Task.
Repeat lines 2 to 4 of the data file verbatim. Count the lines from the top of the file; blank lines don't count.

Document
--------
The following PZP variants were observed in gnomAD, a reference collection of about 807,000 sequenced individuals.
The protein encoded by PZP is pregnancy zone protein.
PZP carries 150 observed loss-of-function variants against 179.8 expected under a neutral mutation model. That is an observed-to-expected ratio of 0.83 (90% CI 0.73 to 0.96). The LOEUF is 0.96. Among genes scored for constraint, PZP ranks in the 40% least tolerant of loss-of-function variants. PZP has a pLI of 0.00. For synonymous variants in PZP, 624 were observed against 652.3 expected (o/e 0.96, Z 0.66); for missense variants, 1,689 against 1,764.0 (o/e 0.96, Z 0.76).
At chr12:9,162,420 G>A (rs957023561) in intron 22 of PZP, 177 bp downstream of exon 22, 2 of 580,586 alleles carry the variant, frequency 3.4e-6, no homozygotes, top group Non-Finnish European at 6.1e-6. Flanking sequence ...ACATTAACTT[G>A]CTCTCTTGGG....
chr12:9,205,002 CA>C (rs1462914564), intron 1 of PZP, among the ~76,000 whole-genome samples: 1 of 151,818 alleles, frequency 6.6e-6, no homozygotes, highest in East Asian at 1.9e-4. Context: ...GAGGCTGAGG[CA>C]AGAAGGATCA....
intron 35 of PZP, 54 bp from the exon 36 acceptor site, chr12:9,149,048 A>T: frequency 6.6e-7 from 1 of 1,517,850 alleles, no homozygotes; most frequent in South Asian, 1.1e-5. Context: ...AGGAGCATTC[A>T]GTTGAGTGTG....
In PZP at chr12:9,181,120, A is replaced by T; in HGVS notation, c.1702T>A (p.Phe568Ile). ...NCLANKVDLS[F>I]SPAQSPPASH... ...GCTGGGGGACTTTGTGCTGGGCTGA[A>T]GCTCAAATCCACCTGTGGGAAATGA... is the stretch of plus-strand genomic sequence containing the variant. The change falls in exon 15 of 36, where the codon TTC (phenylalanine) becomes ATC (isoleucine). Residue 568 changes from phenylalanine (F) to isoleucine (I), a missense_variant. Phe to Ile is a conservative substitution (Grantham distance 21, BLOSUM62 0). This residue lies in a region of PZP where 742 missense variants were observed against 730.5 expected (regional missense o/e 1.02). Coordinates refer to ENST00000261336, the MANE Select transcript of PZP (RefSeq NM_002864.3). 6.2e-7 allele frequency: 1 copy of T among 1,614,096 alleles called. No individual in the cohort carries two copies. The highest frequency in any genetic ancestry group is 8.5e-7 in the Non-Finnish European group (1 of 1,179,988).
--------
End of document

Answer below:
The protein encoded by PZP is pregnancy zone protein.
PZP carries 150 observed loss-of-function variants against 179.8 expected under a neutral mutation model. That is an observed-to-expected ratio of 0.83 (90% CI 0.73 to 0.96). The LOEUF is 0.96. Among genes scored for constraint, PZP ranks in the 40% least tolerant of loss-of-function variants. PZP has a pLI of 0.00. For synonymous variants in PZP, 624 were observed against 652.3 expected (o/e 0.96, Z 0.66); for missense variants, 1,689 against 1,764.0 (o/e 0.96, Z 0.76).
At chr12:9,162,420 G>A (rs957023561) in intron 22 of PZP, 177 bp downstream of exon 22, 2 of 580,586 alleles carry the variant, frequency 3.4e-6, no homozygotes, top group Non-Finnish European at 6.1e-6. Flanking sequence ...ACATTAACTT[G>A]CTCTCTTGGG....